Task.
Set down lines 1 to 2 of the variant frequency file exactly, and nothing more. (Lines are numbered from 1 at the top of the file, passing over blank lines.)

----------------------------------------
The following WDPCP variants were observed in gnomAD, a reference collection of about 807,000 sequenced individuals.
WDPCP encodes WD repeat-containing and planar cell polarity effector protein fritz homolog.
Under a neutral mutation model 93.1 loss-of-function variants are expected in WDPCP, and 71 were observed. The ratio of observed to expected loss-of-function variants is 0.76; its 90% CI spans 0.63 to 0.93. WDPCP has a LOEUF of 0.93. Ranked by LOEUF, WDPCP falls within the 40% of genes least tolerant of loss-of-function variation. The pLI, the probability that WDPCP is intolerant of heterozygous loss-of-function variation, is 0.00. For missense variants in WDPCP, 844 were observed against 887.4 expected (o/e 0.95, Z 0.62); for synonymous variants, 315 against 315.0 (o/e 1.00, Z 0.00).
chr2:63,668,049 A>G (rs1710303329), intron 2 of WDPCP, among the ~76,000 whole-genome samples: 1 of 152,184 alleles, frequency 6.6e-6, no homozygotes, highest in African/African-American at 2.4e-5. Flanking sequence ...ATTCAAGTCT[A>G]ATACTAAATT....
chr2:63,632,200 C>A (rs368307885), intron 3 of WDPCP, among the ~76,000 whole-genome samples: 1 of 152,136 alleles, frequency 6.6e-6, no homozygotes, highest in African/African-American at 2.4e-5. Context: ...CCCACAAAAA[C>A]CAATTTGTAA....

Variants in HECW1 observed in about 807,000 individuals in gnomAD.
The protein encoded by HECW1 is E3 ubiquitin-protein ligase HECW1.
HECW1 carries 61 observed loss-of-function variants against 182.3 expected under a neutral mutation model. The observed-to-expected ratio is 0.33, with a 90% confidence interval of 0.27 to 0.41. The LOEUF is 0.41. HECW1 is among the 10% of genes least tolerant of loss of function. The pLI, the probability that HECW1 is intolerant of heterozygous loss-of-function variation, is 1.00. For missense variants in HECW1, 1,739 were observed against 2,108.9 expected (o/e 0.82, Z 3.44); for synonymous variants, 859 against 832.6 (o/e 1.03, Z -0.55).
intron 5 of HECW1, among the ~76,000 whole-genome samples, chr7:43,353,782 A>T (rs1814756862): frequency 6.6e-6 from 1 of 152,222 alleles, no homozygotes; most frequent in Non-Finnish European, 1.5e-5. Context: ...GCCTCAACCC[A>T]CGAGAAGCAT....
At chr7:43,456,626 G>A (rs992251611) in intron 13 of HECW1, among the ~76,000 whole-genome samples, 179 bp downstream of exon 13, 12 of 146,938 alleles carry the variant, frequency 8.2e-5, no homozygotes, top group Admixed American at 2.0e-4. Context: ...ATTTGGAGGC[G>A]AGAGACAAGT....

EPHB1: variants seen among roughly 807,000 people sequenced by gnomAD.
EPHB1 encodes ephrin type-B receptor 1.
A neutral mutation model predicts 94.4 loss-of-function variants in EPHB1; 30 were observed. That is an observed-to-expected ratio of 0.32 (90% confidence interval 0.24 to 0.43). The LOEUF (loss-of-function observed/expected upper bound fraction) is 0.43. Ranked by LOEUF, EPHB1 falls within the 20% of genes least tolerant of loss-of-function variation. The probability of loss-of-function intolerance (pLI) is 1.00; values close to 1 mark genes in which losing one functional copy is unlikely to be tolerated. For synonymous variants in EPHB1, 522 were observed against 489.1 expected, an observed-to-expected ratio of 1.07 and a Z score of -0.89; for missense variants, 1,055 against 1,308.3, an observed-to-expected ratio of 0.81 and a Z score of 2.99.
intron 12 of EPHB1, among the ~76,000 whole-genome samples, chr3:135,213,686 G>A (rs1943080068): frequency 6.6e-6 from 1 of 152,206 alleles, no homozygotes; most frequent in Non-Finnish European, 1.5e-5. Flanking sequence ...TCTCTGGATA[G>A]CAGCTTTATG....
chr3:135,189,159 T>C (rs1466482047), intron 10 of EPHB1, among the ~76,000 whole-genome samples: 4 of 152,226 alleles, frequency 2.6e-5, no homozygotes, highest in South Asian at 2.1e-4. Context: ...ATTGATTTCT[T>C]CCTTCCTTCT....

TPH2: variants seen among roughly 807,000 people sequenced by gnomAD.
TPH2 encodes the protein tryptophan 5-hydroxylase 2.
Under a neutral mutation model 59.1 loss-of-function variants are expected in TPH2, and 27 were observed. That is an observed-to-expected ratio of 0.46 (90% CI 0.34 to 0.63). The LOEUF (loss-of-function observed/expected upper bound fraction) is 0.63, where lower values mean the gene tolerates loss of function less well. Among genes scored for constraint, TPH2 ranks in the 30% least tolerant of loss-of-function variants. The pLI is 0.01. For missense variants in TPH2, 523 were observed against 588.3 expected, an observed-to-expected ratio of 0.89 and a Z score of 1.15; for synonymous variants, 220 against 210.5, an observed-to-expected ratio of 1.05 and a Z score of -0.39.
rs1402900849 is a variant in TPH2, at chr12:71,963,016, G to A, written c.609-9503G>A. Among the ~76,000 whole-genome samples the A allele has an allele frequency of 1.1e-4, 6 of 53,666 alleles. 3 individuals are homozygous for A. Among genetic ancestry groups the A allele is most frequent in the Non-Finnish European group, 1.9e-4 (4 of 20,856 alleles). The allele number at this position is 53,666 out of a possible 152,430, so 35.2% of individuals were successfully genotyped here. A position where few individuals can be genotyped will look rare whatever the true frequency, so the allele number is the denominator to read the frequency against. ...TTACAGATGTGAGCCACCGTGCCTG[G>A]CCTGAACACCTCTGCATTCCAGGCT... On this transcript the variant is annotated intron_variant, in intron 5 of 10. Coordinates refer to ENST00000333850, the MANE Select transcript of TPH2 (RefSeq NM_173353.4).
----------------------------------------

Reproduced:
The following WDPCP variants were observed in gnomAD, a reference collection of about 807,000 sequenced individuals.
WDPCP encodes WD repeat-containing and planar cell polarity effector protein fritz homolog.